LinkedIn recently asked 18,000 professionals the most important factor for them when picking a new employer. 56% said the the company’s reputation as a great place to work was the deciding factor. Employer Brand International’s 2014 survey found that 35% of companies believed that a strong employer brand eased their hiring, reduced recruiting costs (34%), and increased employee engagement (32%). By virtually every metric, employer branding is a crucial part of every organization.
What is employer branding? Just as a consumer brand tells the public what a brand stands for, an employer brand speaks to employees – from the newest hire to the CEO – and to job-seekers. An employer brand connects employees and potential employees to an organization’s career opportunities, culture, mission, values, and business goals.
As the economy improves and competition for talent increases, employer branding tells and shows job-seekers why they should choose your organization over all the others.
Here’s one example. Caterpillar, the construction and engineering equipment manufacturer, recently faced a major recruiting challenge from two directions: Young people aren’t going into the skilled trades that Caterpillar needs, and many tradespeople are aging out of the workforce. With a shrinking talent pool, the company was nearing a crisis.
The solution was employer branding. Caterpillar launched a recruitment marketing campaign that focused on the importance of skilled technicians and their value in building the infrastructure of America’s communities. The company created the tagline, “Are you built for it?” and enlisted Dirty Jobs host Mike Rowe to appear in its print ads. The campaign targeted not only mid-career workers and veterans, but also high school students, with the goal of inspiring them to pursue work in the skilled trades.
The results were amazing. Website pages for traffic related to technician recruitment rose by more than 200%. Daily leads increased by nearly 300% — and 64% of those leads were identified as “work-ready.” And Caterpillar saw a huge spike in interest from high school students as well.
The benefits of employer branding go beyond recruitment and industry awareness. For example, a strong employer brand has been shown to increase sales and revenue. The Harvard Business Review has created the concept of the service-profit chain, which indicates that employee satisfaction drives customer satisfaction, loyalty, and revenue growth. It also fuels employee engagement, which fosters productivity, which fuels profitability.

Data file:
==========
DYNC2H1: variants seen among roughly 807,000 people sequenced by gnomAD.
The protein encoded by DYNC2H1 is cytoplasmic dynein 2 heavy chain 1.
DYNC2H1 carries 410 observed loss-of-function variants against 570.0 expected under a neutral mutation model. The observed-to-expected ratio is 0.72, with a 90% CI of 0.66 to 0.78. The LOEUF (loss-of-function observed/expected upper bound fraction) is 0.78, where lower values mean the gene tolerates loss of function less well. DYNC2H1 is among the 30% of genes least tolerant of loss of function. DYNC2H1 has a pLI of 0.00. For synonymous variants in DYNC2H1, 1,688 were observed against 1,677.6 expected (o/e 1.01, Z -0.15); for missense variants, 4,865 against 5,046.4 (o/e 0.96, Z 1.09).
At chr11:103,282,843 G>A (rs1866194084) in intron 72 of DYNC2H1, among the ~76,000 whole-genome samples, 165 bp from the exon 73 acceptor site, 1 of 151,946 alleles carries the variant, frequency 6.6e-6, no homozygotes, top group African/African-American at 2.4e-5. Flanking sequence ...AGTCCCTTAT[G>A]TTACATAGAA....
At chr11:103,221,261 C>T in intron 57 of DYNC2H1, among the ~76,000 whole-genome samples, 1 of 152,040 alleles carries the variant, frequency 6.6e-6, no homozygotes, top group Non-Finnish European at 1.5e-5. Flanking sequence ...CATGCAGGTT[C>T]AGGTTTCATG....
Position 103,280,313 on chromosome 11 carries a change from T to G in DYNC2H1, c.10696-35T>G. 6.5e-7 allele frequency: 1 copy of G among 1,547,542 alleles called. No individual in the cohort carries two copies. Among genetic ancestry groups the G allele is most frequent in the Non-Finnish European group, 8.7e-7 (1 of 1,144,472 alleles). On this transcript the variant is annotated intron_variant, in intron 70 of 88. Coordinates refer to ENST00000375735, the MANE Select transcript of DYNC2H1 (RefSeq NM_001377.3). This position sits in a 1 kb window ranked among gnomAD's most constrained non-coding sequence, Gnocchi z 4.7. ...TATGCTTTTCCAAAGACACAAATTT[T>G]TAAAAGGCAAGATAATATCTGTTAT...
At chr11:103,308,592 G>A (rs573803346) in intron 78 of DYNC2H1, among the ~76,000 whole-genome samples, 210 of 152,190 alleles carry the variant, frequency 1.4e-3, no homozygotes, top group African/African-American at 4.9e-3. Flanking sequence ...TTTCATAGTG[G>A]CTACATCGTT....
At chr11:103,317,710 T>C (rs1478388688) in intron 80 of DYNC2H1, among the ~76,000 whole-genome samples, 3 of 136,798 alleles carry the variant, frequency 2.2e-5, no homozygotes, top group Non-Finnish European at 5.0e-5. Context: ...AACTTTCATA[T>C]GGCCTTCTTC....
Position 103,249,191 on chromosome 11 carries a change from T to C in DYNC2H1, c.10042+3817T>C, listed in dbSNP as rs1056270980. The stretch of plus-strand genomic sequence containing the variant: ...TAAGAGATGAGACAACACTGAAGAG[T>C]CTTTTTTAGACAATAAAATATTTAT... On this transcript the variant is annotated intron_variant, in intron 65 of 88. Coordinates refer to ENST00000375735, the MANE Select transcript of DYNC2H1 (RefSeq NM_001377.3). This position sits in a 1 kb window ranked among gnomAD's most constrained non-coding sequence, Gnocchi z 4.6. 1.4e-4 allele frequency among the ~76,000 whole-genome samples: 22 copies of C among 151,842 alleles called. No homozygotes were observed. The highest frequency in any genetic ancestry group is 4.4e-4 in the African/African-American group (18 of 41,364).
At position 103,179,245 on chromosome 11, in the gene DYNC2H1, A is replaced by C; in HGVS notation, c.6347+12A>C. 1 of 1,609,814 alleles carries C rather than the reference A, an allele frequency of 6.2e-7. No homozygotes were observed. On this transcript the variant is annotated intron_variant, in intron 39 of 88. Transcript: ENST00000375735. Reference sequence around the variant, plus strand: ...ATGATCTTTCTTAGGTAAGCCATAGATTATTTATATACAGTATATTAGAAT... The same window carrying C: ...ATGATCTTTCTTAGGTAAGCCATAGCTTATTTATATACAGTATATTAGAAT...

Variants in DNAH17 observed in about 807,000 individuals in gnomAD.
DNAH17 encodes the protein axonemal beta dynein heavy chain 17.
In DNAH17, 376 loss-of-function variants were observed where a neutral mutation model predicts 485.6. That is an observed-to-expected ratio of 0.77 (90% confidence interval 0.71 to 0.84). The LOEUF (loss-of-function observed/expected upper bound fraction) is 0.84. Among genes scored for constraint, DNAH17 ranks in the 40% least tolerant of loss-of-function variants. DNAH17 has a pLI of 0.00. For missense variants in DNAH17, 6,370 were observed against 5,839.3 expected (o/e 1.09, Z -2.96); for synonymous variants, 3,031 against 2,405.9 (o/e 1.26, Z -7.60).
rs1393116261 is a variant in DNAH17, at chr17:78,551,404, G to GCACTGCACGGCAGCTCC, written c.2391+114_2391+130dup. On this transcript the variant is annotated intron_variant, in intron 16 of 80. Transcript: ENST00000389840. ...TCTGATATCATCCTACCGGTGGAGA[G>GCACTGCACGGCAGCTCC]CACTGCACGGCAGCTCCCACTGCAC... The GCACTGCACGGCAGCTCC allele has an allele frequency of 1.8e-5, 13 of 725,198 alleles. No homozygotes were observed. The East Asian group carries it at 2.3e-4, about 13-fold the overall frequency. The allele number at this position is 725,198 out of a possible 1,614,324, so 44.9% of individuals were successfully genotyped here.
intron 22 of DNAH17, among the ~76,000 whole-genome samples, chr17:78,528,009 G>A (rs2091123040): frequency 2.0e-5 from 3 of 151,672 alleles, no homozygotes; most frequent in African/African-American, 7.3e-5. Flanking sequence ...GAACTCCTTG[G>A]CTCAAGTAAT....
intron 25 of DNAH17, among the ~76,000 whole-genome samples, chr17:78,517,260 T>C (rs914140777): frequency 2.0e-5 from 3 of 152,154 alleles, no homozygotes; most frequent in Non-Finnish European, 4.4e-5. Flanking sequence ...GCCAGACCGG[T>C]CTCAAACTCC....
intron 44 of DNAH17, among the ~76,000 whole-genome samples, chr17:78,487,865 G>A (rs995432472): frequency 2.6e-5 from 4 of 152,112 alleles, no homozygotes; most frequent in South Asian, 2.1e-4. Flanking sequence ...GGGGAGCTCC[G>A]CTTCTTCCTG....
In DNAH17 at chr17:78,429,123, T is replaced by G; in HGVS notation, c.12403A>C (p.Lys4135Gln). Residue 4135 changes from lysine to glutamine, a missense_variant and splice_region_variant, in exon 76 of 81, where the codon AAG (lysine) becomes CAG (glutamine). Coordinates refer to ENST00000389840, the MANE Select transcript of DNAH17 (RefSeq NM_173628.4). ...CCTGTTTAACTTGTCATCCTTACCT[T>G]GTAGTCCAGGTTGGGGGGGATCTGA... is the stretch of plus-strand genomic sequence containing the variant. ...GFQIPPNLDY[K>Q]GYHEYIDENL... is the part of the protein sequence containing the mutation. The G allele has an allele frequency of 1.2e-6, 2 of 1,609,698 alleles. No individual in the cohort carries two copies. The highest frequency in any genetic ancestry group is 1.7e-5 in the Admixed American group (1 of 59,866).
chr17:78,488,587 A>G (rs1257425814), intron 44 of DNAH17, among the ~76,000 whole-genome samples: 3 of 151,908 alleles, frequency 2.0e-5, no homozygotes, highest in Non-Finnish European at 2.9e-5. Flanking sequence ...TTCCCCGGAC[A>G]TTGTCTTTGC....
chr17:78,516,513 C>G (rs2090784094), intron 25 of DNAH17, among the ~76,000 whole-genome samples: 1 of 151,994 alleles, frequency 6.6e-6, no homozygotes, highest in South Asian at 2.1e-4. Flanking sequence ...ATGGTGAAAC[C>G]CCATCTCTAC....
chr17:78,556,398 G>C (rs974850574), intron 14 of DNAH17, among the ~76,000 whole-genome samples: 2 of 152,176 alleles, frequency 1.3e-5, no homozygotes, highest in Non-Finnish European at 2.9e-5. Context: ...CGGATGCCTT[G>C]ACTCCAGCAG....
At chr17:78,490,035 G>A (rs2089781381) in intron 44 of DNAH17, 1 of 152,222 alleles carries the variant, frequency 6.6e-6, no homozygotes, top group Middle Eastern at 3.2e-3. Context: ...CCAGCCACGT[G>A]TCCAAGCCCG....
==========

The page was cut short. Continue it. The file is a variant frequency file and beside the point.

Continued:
On the flip side, employer branding can save money as well. Good employer branding connects with employees who are the best cultural fit, reducing the chance of poor hiring choices. There is transparency in the employer-employee contract and everyone knows the deal going in. Both turnover rates and recruiting costs go down, while retention and employee referrals go up. It’s a virtuous circle, a sort of service-profit chain for talent acquisition.
Employer branding lets your organization stake a claim in the recruiting marketplace. It lets a company define itself however it wishes, emphasizing its strengths and distinguishing itself from competitors. The Container Store announces that working for the company isn’t just fun — it’s “exhilarating.” Hewlett-Packard tells job-seekers “the world is waiting” for them. Salesforce says that the whole company is a “team sport — and we play to win,” a great sentiment, whether or not it actually makes sense. These taglines are very different from the bland “Grow your career here” or the overused “People are our most important asset.”
And once they’re hired, employer branding keeps workers engaged. Employee communications and internal policies that are aligned with an employer brand reinforce the organization’s mission, vision, and values every day. In fact, strong employer branding turns employees into brand ambassadors. It inspires and educates the workforce, keeping them committed to achieving the organization’s business goals. These employees stay, perform, build long-term careers with the organization, and recommend their employer to their friends.
Great employer branding successfully increases sales, recruitment and retention of top candidates, employee engagement, performance, and ultimately, profits.
The economy has seen six straight months of at least 200,000 in job gains — the first time that’s happened since 1997. Can your organization afford to recruit without a strong employer brand?
Jody Ordioni is President of Brandemix.